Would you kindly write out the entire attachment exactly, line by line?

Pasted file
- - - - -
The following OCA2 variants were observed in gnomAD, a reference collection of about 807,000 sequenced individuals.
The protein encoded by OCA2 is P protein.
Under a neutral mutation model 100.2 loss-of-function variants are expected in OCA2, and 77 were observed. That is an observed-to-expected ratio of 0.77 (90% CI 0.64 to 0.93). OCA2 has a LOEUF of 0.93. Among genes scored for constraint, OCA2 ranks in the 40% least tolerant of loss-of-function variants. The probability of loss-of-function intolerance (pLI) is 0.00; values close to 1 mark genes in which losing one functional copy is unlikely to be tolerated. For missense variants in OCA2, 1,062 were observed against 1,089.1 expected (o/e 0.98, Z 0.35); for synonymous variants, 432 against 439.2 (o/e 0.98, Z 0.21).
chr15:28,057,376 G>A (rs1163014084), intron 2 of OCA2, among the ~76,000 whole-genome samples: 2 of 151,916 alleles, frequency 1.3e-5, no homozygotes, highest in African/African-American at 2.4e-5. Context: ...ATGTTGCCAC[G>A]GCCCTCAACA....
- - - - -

The following OCA2 variants were observed in gnomAD, a reference collection of about 807,000 sequenced individuals.
The protein encoded by OCA2 is P protein.
Under a neutral mutation model 100.2 loss-of-function variants are expected in OCA2, and 77 were observed. That is an observed-to-expected ratio of 0.77 (90% CI 0.64 to 0.93). OCA2 has a LOEUF of 0.93. Among genes scored for constraint, OCA2 ranks in the 40% least tolerant of loss-of-function variants. The probability of loss-of-function intolerance (pLI) is 0.00; values close to 1 mark genes in which losing one functional copy is unlikely to be tolerated. For missense variants in OCA2, 1,062 were observed against 1,089.1 expected (o/e 0.98, Z 0.35); for synonymous variants, 432 against 439.2 (o/e 0.98, Z 0.21).
chr15:28,057,376 G>A (rs1163014084), intron 2 of OCA2, among the ~76,000 whole-genome samples: 2 of 151,916 alleles, frequency 1.3e-5, no homozygotes, highest in African/African-American at 2.4e-5. Context: ...ATGTTGCCAC[G>A]GCCCTCAACA....